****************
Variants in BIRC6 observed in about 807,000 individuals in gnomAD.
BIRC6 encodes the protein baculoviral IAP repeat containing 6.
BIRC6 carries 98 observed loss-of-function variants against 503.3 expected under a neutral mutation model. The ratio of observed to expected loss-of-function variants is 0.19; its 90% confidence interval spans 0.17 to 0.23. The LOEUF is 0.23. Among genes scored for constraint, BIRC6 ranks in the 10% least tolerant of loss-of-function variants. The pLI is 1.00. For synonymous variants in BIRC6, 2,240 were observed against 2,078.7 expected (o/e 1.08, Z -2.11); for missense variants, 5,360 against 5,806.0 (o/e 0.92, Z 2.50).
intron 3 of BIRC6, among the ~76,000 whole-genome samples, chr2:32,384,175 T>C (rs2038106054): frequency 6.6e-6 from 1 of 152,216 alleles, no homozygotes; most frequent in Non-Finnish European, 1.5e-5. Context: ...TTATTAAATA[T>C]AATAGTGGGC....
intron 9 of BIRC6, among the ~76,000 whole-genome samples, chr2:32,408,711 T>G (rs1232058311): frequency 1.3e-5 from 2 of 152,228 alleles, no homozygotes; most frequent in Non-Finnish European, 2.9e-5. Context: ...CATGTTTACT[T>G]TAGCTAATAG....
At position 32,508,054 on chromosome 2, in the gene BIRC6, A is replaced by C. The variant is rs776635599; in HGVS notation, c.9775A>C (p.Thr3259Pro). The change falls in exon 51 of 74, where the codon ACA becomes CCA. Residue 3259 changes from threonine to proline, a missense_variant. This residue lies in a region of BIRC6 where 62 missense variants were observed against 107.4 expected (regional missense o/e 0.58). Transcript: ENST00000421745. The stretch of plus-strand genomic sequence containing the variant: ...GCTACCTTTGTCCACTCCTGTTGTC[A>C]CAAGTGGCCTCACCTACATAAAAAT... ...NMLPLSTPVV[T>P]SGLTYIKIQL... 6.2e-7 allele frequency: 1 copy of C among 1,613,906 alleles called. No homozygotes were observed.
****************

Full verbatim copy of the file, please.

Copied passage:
Variants in BIRC6 observed in about 807,000 individuals in gnomAD.
BIRC6 encodes the protein baculoviral IAP repeat containing 6.
BIRC6 carries 98 observed loss-of-function variants against 503.3 expected under a neutral mutation model. The ratio of observed to expected loss-of-function variants is 0.19; its 90% confidence interval spans 0.17 to 0.23. The LOEUF is 0.23. Among genes scored for constraint, BIRC6 ranks in the 10% least tolerant of loss-of-function variants. The pLI is 1.00. For synonymous variants in BIRC6, 2,240 were observed against 2,078.7 expected (o/e 1.08, Z -2.11); for missense variants, 5,360 against 5,806.0 (o/e 0.92, Z 2.50).
intron 3 of BIRC6, among the ~76,000 whole-genome samples, chr2:32,384,175 T>C (rs2038106054): frequency 6.6e-6 from 1 of 152,216 alleles, no homozygotes; most frequent in Non-Finnish European, 1.5e-5. Context: ...TTATTAAATA[T>C]AATAGTGGGC....
intron 9 of BIRC6, among the ~76,000 whole-genome samples, chr2:32,408,711 T>G (rs1232058311): frequency 1.3e-5 from 2 of 152,228 alleles, no homozygotes; most frequent in Non-Finnish European, 2.9e-5. Context: ...CATGTTTACT[T>G]TAGCTAATAG....
At position 32,508,054 on chromosome 2, in the gene BIRC6, A is replaced by C. The variant is rs776635599; in HGVS notation, c.9775A>C (p.Thr3259Pro). The change falls in exon 51 of 74, where the codon ACA becomes CCA. Residue 3259 changes from threonine to proline, a missense_variant. This residue lies in a region of BIRC6 where 62 missense variants were observed against 107.4 expected (regional missense o/e 0.58). Transcript: ENST00000421745. The stretch of plus-strand genomic sequence containing the variant: ...GCTACCTTTGTCCACTCCTGTTGTC[A>C]CAAGTGGCCTCACCTACATAAAAAT... ...NMLPLSTPVV[T>P]SGLTYIKIQL... 6.2e-7 allele frequency: 1 copy of C among 1,613,906 alleles called. No homozygotes were observed.